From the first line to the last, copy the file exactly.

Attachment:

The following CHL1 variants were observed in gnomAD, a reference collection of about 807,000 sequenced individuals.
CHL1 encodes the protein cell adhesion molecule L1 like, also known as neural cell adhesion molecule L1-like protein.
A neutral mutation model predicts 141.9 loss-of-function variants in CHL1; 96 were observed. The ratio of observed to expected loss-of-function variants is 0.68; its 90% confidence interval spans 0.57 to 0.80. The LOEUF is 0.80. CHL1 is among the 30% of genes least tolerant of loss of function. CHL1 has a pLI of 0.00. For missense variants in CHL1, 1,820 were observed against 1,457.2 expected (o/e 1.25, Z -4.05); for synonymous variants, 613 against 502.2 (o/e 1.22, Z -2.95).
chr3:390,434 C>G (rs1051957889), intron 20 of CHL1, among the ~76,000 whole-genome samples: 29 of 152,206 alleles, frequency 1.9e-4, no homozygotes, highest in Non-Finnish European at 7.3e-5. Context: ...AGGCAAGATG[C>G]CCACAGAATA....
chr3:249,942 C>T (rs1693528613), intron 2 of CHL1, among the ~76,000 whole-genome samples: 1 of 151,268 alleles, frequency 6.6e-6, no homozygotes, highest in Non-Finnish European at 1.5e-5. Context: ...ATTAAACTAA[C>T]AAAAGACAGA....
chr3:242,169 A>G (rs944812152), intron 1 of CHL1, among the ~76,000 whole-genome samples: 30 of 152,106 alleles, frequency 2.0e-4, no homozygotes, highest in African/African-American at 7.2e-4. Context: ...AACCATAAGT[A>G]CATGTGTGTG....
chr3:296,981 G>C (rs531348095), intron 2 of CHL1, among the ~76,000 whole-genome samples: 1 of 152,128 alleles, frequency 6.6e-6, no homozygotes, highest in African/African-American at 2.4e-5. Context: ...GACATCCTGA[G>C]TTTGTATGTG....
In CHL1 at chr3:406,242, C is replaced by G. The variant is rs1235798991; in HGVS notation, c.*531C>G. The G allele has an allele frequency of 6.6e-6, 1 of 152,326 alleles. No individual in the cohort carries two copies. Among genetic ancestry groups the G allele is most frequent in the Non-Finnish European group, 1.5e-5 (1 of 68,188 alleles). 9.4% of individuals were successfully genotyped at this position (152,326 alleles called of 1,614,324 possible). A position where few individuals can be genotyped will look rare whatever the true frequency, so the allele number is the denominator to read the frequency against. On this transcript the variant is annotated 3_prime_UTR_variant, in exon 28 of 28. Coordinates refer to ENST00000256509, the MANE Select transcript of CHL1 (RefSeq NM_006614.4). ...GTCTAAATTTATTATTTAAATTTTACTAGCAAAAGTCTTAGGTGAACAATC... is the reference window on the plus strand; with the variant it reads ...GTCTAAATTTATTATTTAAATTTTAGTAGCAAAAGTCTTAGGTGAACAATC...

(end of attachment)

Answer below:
The following CHL1 variants were observed in gnomAD, a reference collection of about 807,000 sequenced individuals.
CHL1 encodes the protein cell adhesion molecule L1 like, also known as neural cell adhesion molecule L1-like protein.
A neutral mutation model predicts 141.9 loss-of-function variants in CHL1; 96 were observed. The ratio of observed to expected loss-of-function variants is 0.68; its 90% confidence interval spans 0.57 to 0.80. The LOEUF is 0.80. CHL1 is among the 30% of genes least tolerant of loss of function. CHL1 has a pLI of 0.00. For missense variants in CHL1, 1,820 were observed against 1,457.2 expected (o/e 1.25, Z -4.05); for synonymous variants, 613 against 502.2 (o/e 1.22, Z -2.95).
chr3:390,434 C>G (rs1051957889), intron 20 of CHL1, among the ~76,000 whole-genome samples: 29 of 152,206 alleles, frequency 1.9e-4, no homozygotes, highest in Non-Finnish European at 7.3e-5. Context: ...AGGCAAGATG[C>G]CCACAGAATA....
chr3:249,942 C>T (rs1693528613), intron 2 of CHL1, among the ~76,000 whole-genome samples: 1 of 151,268 alleles, frequency 6.6e-6, no homozygotes, highest in Non-Finnish European at 1.5e-5. Context: ...ATTAAACTAA[C>T]AAAAGACAGA....
chr3:242,169 A>G (rs944812152), intron 1 of CHL1, among the ~76,000 whole-genome samples: 30 of 152,106 alleles, frequency 2.0e-4, no homozygotes, highest in African/African-American at 7.2e-4. Context: ...AACCATAAGT[A>G]CATGTGTGTG....
chr3:296,981 G>C (rs531348095), intron 2 of CHL1, among the ~76,000 whole-genome samples: 1 of 152,128 alleles, frequency 6.6e-6, no homozygotes, highest in African/African-American at 2.4e-5. Context: ...GACATCCTGA[G>C]TTTGTATGTG....
In CHL1 at chr3:406,242, C is replaced by G. The variant is rs1235798991; in HGVS notation, c.*531C>G. The G allele has an allele frequency of 6.6e-6, 1 of 152,326 alleles. No individual in the cohort carries two copies. Among genetic ancestry groups the G allele is most frequent in the Non-Finnish European group, 1.5e-5 (1 of 68,188 alleles). 9.4% of individuals were successfully genotyped at this position (152,326 alleles called of 1,614,324 possible). A position where few individuals can be genotyped will look rare whatever the true frequency, so the allele number is the denominator to read the frequency against. On this transcript the variant is annotated 3_prime_UTR_variant, in exon 28 of 28. Coordinates refer to ENST00000256509, the MANE Select transcript of CHL1 (RefSeq NM_006614.4). ...GTCTAAATTTATTATTTAAATTTTACTAGCAAAAGTCTTAGGTGAACAATC... is the reference window on the plus strand; with the variant it reads ...GTCTAAATTTATTATTTAAATTTTAGTAGCAAAAGTCTTAGGTGAACAATC...